UK Vows to Improve Workplace Transportation Safety

Although the UK has made significant strides in reducing transportation-related accidents in workplaces, there's still much work to be done, says the Health and Safety Commission.

A UK Health and Safety Commission (HSC) discussion document on workplace transportation was launched at a London conference this week. "Workplace transportation" means any vehicle used in a work setting.

The conference was held at Church House, Westminster, and attracted over 120 delegates from government agencies and a range of industries, including retail, brewing, construction and automotive.

Bill Callaghan, chair of HSC, noted the country has made significant strides in improving safety standards over the past 25 years - the fatal accident rate is now less than a quarter of what it was in the early 70''s - but added, "Today, it is hard to see any significant new ground being won. We need to change that: the economic case for action is as strong as ever and there are social and moral arguments."

Provisional figures for 2000-01 show that 99 people were killed in work-related transportation accidents, while 2,490 sustained major injuries and an additional 5,857 were injured seriously enough to be off work for over three days. The most common accident types were being struck by, or falling from, a vehicle; vehicles overturning and materials falling from vehicles.

In his keynote speech to the conference, organized by the Health and Safety Executive (HSE), Dr. Alan Whitehead MP, minister with responsibility for health and safety at the Department for Transport, Local Government and the Regions (DTLR), said he supports the HSC''s decision to make workplace transportation a priority to meet national targets to reduce overall workplace illnesses and injuries. He added, "There is a responsibility on all of us - government, management and workers - to make it happen.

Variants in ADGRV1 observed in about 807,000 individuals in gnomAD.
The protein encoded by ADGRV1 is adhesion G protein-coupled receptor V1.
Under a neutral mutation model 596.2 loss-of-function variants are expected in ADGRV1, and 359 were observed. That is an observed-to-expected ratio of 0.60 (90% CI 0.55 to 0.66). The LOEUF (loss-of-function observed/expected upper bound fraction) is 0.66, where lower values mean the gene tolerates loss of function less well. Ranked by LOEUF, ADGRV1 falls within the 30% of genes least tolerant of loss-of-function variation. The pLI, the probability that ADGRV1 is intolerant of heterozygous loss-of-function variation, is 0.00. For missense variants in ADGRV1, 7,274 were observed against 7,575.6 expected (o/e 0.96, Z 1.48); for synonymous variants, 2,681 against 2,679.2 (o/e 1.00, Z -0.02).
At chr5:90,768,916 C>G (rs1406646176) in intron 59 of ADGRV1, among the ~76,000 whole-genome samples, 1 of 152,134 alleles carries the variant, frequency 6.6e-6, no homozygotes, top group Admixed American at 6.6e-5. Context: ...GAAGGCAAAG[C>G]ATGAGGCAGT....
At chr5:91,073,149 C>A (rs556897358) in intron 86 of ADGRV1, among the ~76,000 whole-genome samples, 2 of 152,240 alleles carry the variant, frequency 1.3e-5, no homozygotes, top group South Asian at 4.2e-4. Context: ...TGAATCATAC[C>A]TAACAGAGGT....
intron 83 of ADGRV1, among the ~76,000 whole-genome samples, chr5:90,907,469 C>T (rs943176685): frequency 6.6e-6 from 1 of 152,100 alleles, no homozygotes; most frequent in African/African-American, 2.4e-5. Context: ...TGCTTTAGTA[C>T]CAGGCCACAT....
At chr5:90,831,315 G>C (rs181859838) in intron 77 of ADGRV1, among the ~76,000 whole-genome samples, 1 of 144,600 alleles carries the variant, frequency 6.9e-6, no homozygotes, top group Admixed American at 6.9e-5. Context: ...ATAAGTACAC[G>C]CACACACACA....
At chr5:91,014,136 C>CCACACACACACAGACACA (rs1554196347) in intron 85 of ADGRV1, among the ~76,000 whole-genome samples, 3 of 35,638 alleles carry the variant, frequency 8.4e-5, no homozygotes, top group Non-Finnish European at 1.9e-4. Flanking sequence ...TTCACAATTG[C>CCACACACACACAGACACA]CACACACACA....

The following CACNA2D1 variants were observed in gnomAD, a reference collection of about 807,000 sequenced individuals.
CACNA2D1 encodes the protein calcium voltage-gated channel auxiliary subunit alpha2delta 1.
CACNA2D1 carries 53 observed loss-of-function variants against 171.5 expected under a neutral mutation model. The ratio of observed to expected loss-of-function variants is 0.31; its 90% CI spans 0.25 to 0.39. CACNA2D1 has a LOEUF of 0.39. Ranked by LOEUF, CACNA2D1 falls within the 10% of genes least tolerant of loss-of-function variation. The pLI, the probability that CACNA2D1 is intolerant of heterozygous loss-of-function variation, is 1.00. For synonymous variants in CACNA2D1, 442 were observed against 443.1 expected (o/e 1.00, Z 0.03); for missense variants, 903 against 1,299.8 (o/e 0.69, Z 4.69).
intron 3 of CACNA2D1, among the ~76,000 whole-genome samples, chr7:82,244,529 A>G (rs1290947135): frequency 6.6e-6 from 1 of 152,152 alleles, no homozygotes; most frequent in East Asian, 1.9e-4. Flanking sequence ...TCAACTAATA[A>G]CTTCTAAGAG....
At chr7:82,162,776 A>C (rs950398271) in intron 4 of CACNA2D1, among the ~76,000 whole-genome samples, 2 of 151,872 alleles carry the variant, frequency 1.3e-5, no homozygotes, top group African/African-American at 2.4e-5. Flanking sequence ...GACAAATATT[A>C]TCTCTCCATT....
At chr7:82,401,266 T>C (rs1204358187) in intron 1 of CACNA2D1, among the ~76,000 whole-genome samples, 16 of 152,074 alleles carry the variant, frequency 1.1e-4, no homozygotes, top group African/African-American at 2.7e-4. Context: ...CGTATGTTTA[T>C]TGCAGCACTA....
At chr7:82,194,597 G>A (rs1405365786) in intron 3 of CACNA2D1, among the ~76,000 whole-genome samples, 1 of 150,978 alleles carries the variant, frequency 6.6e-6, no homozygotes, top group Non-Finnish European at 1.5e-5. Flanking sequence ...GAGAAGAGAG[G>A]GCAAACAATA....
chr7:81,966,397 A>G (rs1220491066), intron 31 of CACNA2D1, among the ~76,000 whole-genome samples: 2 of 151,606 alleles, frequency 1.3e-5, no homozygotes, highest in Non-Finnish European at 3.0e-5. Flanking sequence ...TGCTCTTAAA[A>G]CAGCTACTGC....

"Safe workplace transport is not just good for the health of the workforce, but also the wealth of the management. I welcome the publication today of the discussion document has been published, which will take forward the work that is already underway," said Whitehead.

The discussion document draws on HSE research and sets out areas that should be addressed in order to reduce the accident rate. Topics addressed in the document include:

  • Management issues (risk assessment, introducing and enforcing control measures, e.g. speed limits);
  • Communication (e.g. better communication between drivers and those controlling workplaces they visit); and
  • Vehicle maintenance and pedestrian safety.

"We want to use the document to stimulate debate," Callaghan told attendees. "We have set out a number of questions on which we want your answers or views and would like you to tell us about ways in which you have already tried to tackle these issues. What went well? What went wrong?"

He added it is an important part of the agency''s job to spread best practices information to others who can use it. "The good practice and ideas you raise will also influence HSE''s activities and inspection programs in 2002 and 2003 and beyond," he told the group.

Copies of "Preventing workplace transport accidents" (Ref. DDE18) can be ordered at www.hsebooks.co.uk or are available from HSE Books, PO Box 1999, Sudbury CO10 2WA (Tel: 01787 881165/Fax: 01787 313995).

by Sandy Smith ([email protected])

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